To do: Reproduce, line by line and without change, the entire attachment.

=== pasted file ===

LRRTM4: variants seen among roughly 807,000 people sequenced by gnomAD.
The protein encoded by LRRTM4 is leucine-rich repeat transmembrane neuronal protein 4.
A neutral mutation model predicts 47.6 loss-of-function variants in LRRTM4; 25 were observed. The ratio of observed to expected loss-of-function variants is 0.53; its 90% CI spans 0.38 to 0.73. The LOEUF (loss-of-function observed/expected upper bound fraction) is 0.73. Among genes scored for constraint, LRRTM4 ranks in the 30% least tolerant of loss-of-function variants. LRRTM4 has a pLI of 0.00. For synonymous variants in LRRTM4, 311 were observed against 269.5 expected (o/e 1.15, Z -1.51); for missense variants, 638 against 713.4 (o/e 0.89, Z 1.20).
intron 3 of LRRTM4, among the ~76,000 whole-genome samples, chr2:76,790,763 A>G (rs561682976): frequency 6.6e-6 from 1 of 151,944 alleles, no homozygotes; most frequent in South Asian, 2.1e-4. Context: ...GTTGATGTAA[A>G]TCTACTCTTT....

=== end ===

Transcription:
LRRTM4: variants seen among roughly 807,000 people sequenced by gnomAD.
The protein encoded by LRRTM4 is leucine-rich repeat transmembrane neuronal protein 4.
A neutral mutation model predicts 47.6 loss-of-function variants in LRRTM4; 25 were observed. The ratio of observed to expected loss-of-function variants is 0.53; its 90% CI spans 0.38 to 0.73. The LOEUF (loss-of-function observed/expected upper bound fraction) is 0.73. Among genes scored for constraint, LRRTM4 ranks in the 30% least tolerant of loss-of-function variants. LRRTM4 has a pLI of 0.00. For synonymous variants in LRRTM4, 311 were observed against 269.5 expected (o/e 1.15, Z -1.51); for missense variants, 638 against 713.4 (o/e 0.89, Z 1.20).
intron 3 of LRRTM4, among the ~76,000 whole-genome samples, chr2:76,790,763 A>G (rs561682976): frequency 6.6e-6 from 1 of 151,944 alleles, no homozygotes; most frequent in South Asian, 2.1e-4. Context: ...GTTGATGTAA[A>G]TCTACTCTTT....